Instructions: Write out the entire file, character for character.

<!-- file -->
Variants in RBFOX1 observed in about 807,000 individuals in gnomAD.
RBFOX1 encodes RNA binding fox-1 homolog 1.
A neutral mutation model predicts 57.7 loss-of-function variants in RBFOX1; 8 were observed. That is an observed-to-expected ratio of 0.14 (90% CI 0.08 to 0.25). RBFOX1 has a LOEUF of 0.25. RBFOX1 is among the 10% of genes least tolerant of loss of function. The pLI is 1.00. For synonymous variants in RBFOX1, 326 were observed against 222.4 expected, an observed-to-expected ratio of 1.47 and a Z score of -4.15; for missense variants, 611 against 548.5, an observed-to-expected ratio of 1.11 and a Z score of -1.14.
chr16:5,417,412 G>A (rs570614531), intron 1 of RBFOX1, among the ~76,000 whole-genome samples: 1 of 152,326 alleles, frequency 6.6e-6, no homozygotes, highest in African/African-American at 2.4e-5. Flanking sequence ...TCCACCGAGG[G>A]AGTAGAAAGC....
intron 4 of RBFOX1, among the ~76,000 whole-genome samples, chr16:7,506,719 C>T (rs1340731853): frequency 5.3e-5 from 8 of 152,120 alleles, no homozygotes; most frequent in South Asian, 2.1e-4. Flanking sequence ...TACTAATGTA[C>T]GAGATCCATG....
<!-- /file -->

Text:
Variants in RBFOX1 observed in about 807,000 individuals in gnomAD.
RBFOX1 encodes RNA binding fox-1 homolog 1.
A neutral mutation model predicts 57.7 loss-of-function variants in RBFOX1; 8 were observed. That is an observed-to-expected ratio of 0.14 (90% CI 0.08 to 0.25). RBFOX1 has a LOEUF of 0.25. RBFOX1 is among the 10% of genes least tolerant of loss of function. The pLI is 1.00. For synonymous variants in RBFOX1, 326 were observed against 222.4 expected, an observed-to-expected ratio of 1.47 and a Z score of -4.15; for missense variants, 611 against 548.5, an observed-to-expected ratio of 1.11 and a Z score of -1.14.
chr16:5,417,412 G>A (rs570614531), intron 1 of RBFOX1, among the ~76,000 whole-genome samples: 1 of 152,326 alleles, frequency 6.6e-6, no homozygotes, highest in African/African-American at 2.4e-5. Flanking sequence ...TCCACCGAGG[G>A]AGTAGAAAGC....
intron 4 of RBFOX1, among the ~76,000 whole-genome samples, chr16:7,506,719 C>T (rs1340731853): frequency 5.3e-5 from 8 of 152,120 alleles, no homozygotes; most frequent in South Asian, 2.1e-4. Flanking sequence ...TACTAATGTA[C>T]GAGATCCATG....